Skies darkening over China

China’s reliance on polluting coal for energy may be getting the country into longterm environmental trouble:

A GREAT coal rush is under way across China on a scale not seen anywhere since the 19th century.

Its consequences have been detected half a world away in toxic clouds so big that they can seen from space, drifting across the Pacific to California laden with microscopic particles of chemicals that cause cancer and diseases of the heart and lung.

Nonetheless, the Chinese plan to build no fewer than 500 new coal-fired power stations, adding to some 2,000, most of them unmodernised, that spew smoke, carbon dioxide and sulphur dioxide into the atmosphere.

It is the political fallout of that decision that is likely to challenge the foundations on which Britain and other developed nations have built their climate change policy — even as there are signs that ordinary Chinese citizens are at last rebelling against lives spent in poisonous conditions.

Cloaked in swirling mists of soot particles and smoke, cities such as China’s “coal capital” of Datong are entering the coldest period of winter in which demand for power and heating produces the worst pollution.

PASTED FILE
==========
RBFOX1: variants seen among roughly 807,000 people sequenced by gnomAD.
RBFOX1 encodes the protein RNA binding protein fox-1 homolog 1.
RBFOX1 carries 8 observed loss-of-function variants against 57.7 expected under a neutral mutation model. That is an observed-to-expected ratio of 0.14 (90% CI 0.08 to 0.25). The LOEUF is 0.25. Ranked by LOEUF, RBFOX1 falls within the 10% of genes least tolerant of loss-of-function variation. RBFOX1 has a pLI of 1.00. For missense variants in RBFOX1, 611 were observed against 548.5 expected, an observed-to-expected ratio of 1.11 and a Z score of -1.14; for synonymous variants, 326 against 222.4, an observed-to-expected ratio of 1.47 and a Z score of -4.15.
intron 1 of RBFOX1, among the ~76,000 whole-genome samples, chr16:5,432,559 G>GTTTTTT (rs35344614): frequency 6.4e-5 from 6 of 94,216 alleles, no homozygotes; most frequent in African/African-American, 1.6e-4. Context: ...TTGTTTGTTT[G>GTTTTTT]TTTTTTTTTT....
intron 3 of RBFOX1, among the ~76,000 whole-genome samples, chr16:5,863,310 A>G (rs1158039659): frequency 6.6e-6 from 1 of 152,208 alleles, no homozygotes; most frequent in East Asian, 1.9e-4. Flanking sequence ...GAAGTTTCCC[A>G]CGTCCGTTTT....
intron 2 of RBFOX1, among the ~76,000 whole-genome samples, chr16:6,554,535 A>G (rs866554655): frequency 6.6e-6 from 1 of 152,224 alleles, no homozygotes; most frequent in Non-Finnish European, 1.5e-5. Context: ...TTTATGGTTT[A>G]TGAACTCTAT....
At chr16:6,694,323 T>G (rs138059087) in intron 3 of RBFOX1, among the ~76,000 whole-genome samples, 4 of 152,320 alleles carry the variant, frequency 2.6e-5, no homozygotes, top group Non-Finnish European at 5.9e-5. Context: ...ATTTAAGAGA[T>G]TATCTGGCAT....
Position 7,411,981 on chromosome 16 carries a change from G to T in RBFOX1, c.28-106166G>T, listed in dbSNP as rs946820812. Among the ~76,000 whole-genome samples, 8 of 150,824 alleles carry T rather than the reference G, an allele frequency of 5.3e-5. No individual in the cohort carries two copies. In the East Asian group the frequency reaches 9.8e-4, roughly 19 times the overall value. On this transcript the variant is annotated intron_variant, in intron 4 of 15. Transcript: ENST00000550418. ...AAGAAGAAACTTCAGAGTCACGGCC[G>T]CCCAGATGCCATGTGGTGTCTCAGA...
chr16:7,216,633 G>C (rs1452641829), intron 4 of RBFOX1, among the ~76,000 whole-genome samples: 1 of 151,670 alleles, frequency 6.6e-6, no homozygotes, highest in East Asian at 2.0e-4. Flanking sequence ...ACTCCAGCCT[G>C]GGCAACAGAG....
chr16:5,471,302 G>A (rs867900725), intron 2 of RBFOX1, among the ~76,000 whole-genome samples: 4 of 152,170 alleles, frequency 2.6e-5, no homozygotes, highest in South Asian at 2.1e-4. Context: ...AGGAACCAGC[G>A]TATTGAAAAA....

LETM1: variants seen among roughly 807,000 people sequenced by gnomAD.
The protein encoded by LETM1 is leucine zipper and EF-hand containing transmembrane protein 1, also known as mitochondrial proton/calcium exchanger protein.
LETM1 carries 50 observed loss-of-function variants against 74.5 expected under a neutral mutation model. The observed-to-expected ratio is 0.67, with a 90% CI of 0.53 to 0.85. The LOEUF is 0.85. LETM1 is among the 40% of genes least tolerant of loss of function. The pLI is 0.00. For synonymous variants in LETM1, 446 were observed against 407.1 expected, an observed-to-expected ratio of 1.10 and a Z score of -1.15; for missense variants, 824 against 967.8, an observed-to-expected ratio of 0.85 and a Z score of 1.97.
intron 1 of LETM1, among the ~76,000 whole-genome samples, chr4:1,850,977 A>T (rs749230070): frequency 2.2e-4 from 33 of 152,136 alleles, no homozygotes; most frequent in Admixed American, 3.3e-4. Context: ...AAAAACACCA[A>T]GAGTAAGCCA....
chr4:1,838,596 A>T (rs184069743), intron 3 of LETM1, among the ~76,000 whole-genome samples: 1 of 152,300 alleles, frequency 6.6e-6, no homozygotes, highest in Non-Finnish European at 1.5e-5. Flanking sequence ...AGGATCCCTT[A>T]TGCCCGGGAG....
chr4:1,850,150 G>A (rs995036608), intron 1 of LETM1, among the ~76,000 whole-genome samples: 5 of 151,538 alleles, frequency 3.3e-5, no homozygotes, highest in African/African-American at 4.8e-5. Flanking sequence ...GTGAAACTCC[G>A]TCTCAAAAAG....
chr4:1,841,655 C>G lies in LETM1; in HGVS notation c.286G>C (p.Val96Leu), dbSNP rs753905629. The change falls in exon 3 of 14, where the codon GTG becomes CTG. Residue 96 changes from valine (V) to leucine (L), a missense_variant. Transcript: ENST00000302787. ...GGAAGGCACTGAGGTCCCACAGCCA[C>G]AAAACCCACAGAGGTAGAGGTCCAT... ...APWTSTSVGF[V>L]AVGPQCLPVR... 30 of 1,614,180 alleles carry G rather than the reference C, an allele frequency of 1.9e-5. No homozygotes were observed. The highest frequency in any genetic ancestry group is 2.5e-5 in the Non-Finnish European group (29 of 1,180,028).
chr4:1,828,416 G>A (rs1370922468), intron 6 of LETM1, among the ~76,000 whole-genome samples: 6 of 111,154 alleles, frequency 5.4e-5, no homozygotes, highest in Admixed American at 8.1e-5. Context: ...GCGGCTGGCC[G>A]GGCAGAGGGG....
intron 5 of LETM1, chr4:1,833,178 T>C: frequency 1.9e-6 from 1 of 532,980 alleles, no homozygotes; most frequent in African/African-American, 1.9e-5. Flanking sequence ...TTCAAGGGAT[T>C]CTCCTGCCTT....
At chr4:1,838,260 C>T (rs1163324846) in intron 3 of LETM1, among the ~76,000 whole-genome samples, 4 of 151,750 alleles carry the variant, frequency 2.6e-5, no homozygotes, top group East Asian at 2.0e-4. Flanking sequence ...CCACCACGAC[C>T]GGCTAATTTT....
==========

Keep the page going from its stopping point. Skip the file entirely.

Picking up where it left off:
It is often darkness at noon in Datong, just 160 miles west of Beijing, where vehicles drive in daytime with their headlights on to grope through the miasma.

I’ve touched on this subject before.

There are a number of points not mentioned in the story. As I noted in the post linked above for each additional percent added to GDP China uses proportionally more energy. This is partly because so much of China’s growth is from manufacturing but it’s not only for that reason. Another reason is that China’s use of energy is boosted by market-distorting subsidies which builds in inefficiencies.

The polluted air, water, and soil in China is creating human health problems of unimaginable scale. Tens of millions of people suffer from environmentally-caused health problems. Among these are increased rates of miscarriage and mental retardation.

This is a prime reason that I’m skeptical about Europe and the U. S.’s strategy-by-default of solving their own environmental problems by exporting their manufacturing to China. Plants are, in effect, moving from Europe and the United States (where the problem is handleable) to China (where officials are still largely indifferent to the problem).

Another issue rarely mentioned is the effect that air pollution has on agriculture. In China the amount of sunlight that makes it to the earth has fallen by 3.7 watts per square yard in each of the last five decades. This, along with increased ozone and nitrogen oxides reduces China’s agricultural output. Famine caused by environmental degradation in China could have worldwide impact.

11 comments… add one
  • Energy efficiency.

    Pity there is not more effort selling Americans on the long-term economic gains of energy efficiencies; almost always the wooley Left-Green moralising.